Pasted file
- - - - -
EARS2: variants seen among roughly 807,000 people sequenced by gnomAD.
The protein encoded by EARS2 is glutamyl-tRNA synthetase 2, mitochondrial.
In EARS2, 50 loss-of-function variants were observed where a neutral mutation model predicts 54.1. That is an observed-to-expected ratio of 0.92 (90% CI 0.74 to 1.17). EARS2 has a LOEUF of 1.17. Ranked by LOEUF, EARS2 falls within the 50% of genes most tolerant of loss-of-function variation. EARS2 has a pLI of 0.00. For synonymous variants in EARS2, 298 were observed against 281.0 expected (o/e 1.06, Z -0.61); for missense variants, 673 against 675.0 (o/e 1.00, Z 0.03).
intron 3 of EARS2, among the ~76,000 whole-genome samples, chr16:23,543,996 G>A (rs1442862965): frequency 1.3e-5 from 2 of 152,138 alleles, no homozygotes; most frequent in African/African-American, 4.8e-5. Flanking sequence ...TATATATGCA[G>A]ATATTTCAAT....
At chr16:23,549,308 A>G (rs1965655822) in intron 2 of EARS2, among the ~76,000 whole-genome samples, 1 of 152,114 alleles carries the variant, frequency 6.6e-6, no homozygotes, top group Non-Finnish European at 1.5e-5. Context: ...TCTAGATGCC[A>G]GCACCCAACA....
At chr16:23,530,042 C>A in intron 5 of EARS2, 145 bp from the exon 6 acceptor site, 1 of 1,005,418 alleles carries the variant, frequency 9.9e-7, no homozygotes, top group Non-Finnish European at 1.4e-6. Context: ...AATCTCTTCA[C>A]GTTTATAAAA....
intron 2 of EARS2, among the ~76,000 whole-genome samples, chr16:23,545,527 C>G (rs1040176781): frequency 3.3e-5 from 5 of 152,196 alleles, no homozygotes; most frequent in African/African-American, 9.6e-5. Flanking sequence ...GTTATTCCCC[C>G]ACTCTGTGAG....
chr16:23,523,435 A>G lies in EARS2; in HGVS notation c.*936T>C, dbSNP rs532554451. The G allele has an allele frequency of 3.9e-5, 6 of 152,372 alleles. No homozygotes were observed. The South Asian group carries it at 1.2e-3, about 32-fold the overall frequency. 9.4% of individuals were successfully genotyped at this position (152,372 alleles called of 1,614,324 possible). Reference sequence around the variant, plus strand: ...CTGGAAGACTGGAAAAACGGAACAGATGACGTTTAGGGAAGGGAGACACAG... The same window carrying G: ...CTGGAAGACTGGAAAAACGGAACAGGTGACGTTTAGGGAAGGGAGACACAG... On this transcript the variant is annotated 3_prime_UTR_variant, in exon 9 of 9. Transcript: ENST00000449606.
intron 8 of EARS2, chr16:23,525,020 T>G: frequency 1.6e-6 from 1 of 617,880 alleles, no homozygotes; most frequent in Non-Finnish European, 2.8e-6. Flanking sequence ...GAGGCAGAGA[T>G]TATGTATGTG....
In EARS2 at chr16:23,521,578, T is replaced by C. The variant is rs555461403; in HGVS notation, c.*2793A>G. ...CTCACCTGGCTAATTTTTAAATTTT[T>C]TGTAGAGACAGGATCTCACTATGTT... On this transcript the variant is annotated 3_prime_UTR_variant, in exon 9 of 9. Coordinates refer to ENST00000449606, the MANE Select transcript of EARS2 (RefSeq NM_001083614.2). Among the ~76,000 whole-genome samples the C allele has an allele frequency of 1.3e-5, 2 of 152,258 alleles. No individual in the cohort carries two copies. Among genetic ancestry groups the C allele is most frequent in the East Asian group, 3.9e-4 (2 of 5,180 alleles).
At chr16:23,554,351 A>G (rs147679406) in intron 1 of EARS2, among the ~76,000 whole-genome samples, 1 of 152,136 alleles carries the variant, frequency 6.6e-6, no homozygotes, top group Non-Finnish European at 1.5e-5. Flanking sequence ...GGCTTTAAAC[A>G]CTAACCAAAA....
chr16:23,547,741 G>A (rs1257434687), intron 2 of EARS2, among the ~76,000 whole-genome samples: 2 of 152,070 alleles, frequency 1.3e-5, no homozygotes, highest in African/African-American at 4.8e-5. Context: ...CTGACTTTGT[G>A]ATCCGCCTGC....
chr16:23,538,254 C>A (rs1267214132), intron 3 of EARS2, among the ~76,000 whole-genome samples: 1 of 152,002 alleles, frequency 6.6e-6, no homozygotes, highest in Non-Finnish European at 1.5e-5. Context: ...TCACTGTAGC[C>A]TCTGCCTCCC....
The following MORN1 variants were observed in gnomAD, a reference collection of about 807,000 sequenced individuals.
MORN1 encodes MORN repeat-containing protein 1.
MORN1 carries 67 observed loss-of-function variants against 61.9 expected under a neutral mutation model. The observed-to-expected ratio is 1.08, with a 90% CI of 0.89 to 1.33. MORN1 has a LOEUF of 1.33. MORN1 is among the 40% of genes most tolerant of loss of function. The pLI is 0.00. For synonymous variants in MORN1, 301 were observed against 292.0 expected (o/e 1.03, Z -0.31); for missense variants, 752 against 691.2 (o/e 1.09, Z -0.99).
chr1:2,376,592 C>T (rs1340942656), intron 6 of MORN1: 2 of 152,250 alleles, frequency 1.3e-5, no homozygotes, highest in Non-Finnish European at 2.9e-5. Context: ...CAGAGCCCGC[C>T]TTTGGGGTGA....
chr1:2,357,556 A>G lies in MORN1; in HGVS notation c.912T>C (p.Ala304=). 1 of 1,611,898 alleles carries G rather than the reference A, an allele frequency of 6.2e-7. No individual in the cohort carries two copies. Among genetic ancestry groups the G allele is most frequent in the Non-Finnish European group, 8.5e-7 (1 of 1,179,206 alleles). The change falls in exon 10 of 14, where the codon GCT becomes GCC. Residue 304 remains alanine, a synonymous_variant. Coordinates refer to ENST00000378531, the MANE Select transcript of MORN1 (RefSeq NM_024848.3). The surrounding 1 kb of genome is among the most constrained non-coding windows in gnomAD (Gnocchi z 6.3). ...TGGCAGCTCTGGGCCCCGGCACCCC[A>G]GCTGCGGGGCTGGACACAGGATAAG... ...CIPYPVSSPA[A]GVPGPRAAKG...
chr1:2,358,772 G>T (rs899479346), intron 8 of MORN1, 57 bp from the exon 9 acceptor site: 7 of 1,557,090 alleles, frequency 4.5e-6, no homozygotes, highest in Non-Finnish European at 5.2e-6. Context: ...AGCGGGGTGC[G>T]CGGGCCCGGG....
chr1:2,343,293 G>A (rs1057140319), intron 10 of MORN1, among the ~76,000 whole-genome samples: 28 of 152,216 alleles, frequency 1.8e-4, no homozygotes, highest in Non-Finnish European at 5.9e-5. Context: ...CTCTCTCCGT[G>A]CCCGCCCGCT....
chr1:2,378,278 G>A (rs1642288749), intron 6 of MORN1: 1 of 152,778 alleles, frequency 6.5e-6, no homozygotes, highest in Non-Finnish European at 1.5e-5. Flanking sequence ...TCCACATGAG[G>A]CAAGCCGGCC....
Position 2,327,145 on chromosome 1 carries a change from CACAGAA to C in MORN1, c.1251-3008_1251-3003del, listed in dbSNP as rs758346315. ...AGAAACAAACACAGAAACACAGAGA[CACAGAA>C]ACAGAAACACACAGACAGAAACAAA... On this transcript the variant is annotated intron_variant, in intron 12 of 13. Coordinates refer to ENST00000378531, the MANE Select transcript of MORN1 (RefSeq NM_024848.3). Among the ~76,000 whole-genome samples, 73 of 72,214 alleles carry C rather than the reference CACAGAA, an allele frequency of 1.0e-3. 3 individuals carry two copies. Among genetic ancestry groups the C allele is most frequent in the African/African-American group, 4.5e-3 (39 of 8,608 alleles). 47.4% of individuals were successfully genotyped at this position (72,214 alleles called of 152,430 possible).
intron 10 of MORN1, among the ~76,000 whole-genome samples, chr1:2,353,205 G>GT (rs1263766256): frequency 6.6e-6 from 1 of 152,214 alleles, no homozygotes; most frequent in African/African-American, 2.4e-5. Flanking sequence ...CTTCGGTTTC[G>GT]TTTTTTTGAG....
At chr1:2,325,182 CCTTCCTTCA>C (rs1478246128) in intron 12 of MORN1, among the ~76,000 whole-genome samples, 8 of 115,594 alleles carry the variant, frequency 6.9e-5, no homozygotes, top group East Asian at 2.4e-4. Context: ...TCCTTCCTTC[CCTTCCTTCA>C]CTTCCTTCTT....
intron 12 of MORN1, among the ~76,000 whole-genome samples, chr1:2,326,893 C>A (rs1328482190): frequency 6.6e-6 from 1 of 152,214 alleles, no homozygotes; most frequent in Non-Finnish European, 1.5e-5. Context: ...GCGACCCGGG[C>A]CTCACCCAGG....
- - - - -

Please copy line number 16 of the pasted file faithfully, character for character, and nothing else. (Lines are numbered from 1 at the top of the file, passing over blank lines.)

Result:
MORN1 carries 67 observed loss-of-function variants against 61.9 expected under a neutral mutation model. The observed-to-expected ratio is 1.08, with a 90% CI of 0.89 to 1.33. MORN1 has a LOEUF of 1.33. MORN1 is among the 40% of genes most tolerant of loss of function. The pLI is 0.00. For synonymous variants in MORN1, 301 were observed against 292.0 expected (o/e 1.03, Z -0.31); for missense variants, 752 against 691.2 (o/e 1.09, Z -0.99).